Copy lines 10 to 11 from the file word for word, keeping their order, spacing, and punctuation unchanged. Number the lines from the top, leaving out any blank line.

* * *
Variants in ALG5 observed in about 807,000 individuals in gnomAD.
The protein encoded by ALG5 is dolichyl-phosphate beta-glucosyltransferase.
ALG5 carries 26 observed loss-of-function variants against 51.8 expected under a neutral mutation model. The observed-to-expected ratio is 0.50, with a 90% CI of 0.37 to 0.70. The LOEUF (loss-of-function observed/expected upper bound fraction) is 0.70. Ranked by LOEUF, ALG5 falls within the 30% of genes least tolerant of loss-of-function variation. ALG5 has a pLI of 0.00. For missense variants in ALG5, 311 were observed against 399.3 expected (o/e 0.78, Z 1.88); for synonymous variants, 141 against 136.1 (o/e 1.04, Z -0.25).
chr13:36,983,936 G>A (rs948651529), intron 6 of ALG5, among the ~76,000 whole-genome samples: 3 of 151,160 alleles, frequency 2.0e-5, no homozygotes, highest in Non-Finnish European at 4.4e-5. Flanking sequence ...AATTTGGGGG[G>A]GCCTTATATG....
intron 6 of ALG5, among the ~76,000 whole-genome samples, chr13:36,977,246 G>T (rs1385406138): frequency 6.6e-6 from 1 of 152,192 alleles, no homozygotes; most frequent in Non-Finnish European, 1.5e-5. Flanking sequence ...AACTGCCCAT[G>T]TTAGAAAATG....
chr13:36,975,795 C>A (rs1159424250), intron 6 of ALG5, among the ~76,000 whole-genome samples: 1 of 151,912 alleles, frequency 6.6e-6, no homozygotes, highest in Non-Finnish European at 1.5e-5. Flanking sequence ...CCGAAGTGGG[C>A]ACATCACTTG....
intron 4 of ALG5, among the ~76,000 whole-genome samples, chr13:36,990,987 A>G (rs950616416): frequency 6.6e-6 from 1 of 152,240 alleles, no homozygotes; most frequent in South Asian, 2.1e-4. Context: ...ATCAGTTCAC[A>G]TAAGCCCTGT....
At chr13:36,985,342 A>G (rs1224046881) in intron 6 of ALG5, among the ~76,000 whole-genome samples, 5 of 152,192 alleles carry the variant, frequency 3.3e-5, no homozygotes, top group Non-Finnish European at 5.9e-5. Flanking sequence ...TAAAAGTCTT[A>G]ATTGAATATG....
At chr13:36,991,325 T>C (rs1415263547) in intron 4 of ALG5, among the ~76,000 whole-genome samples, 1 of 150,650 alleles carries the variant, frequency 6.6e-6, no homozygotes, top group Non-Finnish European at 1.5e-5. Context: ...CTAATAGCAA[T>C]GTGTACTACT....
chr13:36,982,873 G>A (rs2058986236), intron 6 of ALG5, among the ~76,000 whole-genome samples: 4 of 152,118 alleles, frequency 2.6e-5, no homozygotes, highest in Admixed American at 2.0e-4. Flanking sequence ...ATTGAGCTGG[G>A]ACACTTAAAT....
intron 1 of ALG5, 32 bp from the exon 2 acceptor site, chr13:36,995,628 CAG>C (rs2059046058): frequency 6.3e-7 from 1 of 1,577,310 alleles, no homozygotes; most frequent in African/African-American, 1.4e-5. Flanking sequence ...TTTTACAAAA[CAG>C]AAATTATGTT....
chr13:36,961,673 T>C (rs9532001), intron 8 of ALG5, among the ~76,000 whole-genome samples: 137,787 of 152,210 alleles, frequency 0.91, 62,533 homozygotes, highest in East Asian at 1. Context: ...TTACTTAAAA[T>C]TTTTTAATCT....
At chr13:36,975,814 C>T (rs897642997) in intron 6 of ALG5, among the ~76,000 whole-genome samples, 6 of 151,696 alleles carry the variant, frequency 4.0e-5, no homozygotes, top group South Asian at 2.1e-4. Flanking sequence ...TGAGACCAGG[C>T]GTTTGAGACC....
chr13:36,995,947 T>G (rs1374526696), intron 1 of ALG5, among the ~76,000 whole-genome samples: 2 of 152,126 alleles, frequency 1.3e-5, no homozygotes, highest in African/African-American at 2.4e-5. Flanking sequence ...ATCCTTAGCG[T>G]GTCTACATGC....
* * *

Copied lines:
chr13:36,982,873 G>A (rs2058986236), intron 6 of ALG5, among the ~76,000 whole-genome samples: 4 of 152,118 alleles, frequency 2.6e-5, no homozygotes, highest in Admixed American at 2.0e-4. Flanking sequence ...ATTGAGCTGG[G>A]ACACTTAAAT....
intron 1 of ALG5, 32 bp from the exon 2 acceptor site, chr13:36,995,628 CAG>C (rs2059046058): frequency 6.3e-7 from 1 of 1,577,310 alleles, no homozygotes; most frequent in African/African-American, 1.4e-5. Flanking sequence ...TTTTACAAAA[CAG>C]AAATTATGTT....